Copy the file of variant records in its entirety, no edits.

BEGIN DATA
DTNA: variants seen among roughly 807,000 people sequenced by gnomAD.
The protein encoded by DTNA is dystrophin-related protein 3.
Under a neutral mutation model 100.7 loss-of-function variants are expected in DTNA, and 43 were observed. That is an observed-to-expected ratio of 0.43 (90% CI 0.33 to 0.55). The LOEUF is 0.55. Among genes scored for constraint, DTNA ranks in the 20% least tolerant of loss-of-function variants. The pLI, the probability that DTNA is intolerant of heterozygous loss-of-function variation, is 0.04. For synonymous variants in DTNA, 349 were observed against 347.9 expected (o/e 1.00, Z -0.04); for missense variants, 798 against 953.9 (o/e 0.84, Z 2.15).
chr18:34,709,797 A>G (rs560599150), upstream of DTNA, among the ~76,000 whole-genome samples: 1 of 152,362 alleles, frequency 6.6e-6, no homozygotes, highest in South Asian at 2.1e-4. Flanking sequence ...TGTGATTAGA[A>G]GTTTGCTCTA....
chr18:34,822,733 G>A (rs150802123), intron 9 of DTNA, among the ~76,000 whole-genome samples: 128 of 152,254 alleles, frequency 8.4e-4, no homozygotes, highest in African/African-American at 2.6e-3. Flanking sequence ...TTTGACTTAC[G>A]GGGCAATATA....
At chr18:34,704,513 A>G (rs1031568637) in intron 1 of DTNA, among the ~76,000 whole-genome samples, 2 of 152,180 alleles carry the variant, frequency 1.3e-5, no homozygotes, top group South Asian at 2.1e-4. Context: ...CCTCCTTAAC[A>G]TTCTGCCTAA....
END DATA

DTNA: variants seen among roughly 807,000 people sequenced by gnomAD.
The protein encoded by DTNA is dystrophin-related protein 3.
Under a neutral mutation model 100.7 loss-of-function variants are expected in DTNA, and 43 were observed. That is an observed-to-expected ratio of 0.43 (90% CI 0.33 to 0.55). The LOEUF is 0.55. Among genes scored for constraint, DTNA ranks in the 20% least tolerant of loss-of-function variants. The pLI, the probability that DTNA is intolerant of heterozygous loss-of-function variation, is 0.04. For synonymous variants in DTNA, 349 were observed against 347.9 expected (o/e 1.00, Z -0.04); for missense variants, 798 against 953.9 (o/e 0.84, Z 2.15).
chr18:34,709,797 A>G (rs560599150), upstream of DTNA, among the ~76,000 whole-genome samples: 1 of 152,362 alleles, frequency 6.6e-6, no homozygotes, highest in South Asian at 2.1e-4. Flanking sequence ...TGTGATTAGA[A>G]GTTTGCTCTA....
chr18:34,822,733 G>A (rs150802123), intron 9 of DTNA, among the ~76,000 whole-genome samples: 128 of 152,254 alleles, frequency 8.4e-4, no homozygotes, highest in African/African-American at 2.6e-3. Flanking sequence ...TTTGACTTAC[G>A]GGGCAATATA....
At chr18:34,704,513 A>G (rs1031568637) in intron 1 of DTNA, among the ~76,000 whole-genome samples, 2 of 152,180 alleles carry the variant, frequency 1.3e-5, no homozygotes, top group South Asian at 2.1e-4. Context: ...CCTCCTTAAC[A>G]TTCTGCCTAA....